You have a document, and it has special formatting. Perhaps it has heading styles, block quotes, references, and the like. Maybe you need to use APA style or MLA style. Perhaps your document has special chapter titles. Keeping track of these styles—and using them consistently—can be a chore.
What Is a Style?
A style is basically the format for a particular type of text. A style sheet will help you keep track of the various text formats in your document, whether it’s a business letter, a technical manual, a dissertation, or a novel.
The style for a particular type of text can have many attributes. Common attributes include font size and face, text color, indentation, paragraph spacing (space or blank lines before and after the paragraph), line spacing, paragraph spacing, justification (right, left, center, block), capitalization style, and text styling (bold, italics, underlined, superscript, etc.).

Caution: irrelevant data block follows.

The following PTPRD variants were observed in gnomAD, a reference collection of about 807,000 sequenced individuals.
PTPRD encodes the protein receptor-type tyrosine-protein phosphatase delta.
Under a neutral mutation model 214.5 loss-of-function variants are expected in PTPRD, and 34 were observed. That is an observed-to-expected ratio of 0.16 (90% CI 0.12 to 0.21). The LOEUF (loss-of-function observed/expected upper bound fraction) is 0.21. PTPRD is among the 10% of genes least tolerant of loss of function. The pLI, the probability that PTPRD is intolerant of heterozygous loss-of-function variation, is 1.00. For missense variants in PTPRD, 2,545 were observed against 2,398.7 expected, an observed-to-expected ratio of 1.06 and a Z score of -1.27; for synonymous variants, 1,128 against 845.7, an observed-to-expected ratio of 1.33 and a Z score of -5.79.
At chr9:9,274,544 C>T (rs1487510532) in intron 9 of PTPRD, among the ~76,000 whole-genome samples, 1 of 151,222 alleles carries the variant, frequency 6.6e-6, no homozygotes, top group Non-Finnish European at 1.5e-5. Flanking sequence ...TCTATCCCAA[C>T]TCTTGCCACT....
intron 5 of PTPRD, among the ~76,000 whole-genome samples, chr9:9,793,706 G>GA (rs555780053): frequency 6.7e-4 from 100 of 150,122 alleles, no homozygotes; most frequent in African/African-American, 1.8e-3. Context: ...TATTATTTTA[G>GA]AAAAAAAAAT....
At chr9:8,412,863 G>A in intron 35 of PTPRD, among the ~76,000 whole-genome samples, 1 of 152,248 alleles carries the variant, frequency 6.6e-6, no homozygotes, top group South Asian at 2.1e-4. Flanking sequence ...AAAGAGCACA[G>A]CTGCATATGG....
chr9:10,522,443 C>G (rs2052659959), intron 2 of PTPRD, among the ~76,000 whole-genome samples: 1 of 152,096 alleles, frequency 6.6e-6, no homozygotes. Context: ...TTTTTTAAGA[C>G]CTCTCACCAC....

With so many attributes to remember, you may have difficulty applying them consistently. I see this often. A client will have a subheading in bold text, another one in italics, and even a third in bold and underlined. Some paragraphs will have a 0.5-inch first line indent with left justification, and others will have no indent with block justification.
What Is a Style Guide?
A style guide is, simply, a written description of the styles used in a particular type of document. A style guide helps the writer know how the document looks, makes sure the writer is consistent, and communicates the style requirements to other writers.
Clients working on dissertations or graduate papers are generally required to follow an authorized style guide, such as APA style or MLA style. Many trade journals will also have a required style guide to follow. These style guides can be a bit tricky to follow, but they will provide the style guidance some writers need.
What Is an “Individualized” Style Guide?
Many of our clients are graduate students. Most use APA style, and we’re experts…